“I have to take all my weld leads and I throw all that (inside), (then) I get into the tank and we also have a monitor on the outside. We have a sniffer that detects carbon dioxide or any other agents in the air (that would force us to) have to leave the tank.

“So we put all that down in there and then I drag all my leads to whichever termination hole that I’m welding. The guy that is with me is…a fire watch and also making sure that nothing happens and assisting me with all the (welding) materials.”

Nesselroad provided an overview of the process: “So there are two methods to perform what we call plug welding, there’s fusion, which is what we were doing on the liquid hydrogen (qualification) tank and there’s friction,” she explained.

“Friction plugging uses the same type of technology that friction stir weld does. We actually have a robot arm that’s qualified and programmed to perform those. When we do fusion plug welding, it is performed using a TIG welder and a welder – a person who is certified – and they actually apply the traditional type of weld TIG process, where they are using a filler material and there’s heat applied.”

“TIG means tungsten insert gas,” Neal noted. “You sharpen the tungsten to a point, a real sharp point and that’s where the arc accumulates from.” In addition to being the only person certified to do the SLS fusion welds, Neal, a U.S. Army veteran who was born and raised in nearby Slidell, Louisiana, has shuttled back and forth between MAF and NASA’s Marshall Space Flight Center in Huntsville, Alabama, in the past few years working to help develop the welding techniques for the Core Stage.

There are six exit holes that must be patched in the LH2 tanks; to plug the hole, Neal has to work both inside and outside the tank on the inner mold line (IML) and outer mold line (OML), respectively.

“I…make one pass on it, then I take another one, I make a hot pass it’s called, so I kind of crank up the heat and then I fuse it all together. Then I go on the opposite side and I kind of back grind it (the plug) a little bit to make sure there’s no joint left, then we get X-ray (inspection). X-ray comes out and (they) verify that there are zero defects. So after I pass X-ray, I go on the opposite side and I make two passes, (then) X-ray (inspect again).

“So I stagger two passes from the IML (inner mold line) to the OML (outer mold line), vice versa until I get it flush. Depending on how the “mood” of X-ray is, usually I can do one plug in say 12 hours, maybe a two-day period.”

Neal noted that the work on the outside of the tank requires an access stand.

“It’s called the diving board, and it’s this big, tall structure that goes to the level of the top of the tank and there’s a diving board that I crank down. It’s (manually operated) – I just crank on this wheel and it lowers down.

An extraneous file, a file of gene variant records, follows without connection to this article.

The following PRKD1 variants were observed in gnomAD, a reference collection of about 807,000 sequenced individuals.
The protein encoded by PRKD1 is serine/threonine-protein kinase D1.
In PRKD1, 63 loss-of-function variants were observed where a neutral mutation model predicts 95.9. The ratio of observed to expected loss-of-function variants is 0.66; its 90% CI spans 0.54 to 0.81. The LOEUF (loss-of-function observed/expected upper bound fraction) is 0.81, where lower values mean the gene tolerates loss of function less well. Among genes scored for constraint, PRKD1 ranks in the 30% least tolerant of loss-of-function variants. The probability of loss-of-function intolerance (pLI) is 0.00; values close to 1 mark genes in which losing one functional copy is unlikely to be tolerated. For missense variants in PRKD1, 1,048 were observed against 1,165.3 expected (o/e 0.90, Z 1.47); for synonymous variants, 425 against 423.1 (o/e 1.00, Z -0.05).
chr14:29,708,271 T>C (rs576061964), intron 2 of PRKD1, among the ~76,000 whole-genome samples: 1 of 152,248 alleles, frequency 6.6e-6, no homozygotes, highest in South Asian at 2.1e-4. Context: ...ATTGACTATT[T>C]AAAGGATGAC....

“When it lowers down, I’ve got a fall harness on and I’m laying on the diving board. I’m actually laying on my stomach and I’m hovering over the hole and welding the hole like that. So we go (back and forth) on the IML, OML, to distribute the heat on both sides and that minimizes the distortion of (the weld).”

Friction plugging the flight tank:

Elements of the LH2 tank flight article went into the VAC immediately after the LH2 qualification article and the full tank was lifted out of the VAC in September. After the flight tank was moved over to Cell A, an anti-vortex baffle assembly was installed inside the aft dome, so Neal has to enter the tank from the opposite end.

“I’m going to enter at the forward manhole on the flight article because the baffle is already installed,” he explained.

When spoke with Nesselroad in October, the LH2 tanks were being shuffled around to allow work to continue on both in parallel.

“It’s (the LH2 qual tank) in Area 6, but actually today it is going to be moved to Area 47-48, which is our final assembly area, because we have a few things we have to finish up, but we also want to get our Core Stage-1 (flight) LH2 tank moved out of Cell A and break it over and then take it into Area 6 so we can start working on it,” she noted at the time.

“So we’re putting it in 47-48 because we have a few things that we’re wrapping up as it relates to test readiness and we want to keep moving on Core Stage-1. Normally it would go straight from Area 6 out to (Building) 451 for (proof testing).”

Nesselroad also noted at the time that the work to certify the automated friction plug weld technique was nearly complete and it was recently approved for use. Plug welding using the friction stir technique began in the last few weeks on the LH2 flight tank. Neal noted that he is also the certified operator for the robotic tool that performs the friction welds.

McMahan explained that performing friction stir welds is not only faster than the manual fusion welding, but inspection is also faster. Although both welds are tested using fluorescent dye penetrant inspections, friction welds are additionally inspected using phased-array ultrasonic testing (PAUT) versus the much longer X-ray inspection that is also needed for fusion welds.

The dry structures of the Core Stage that are welded have the same exit holes, but Nesselroad explained those don’t need to be welded.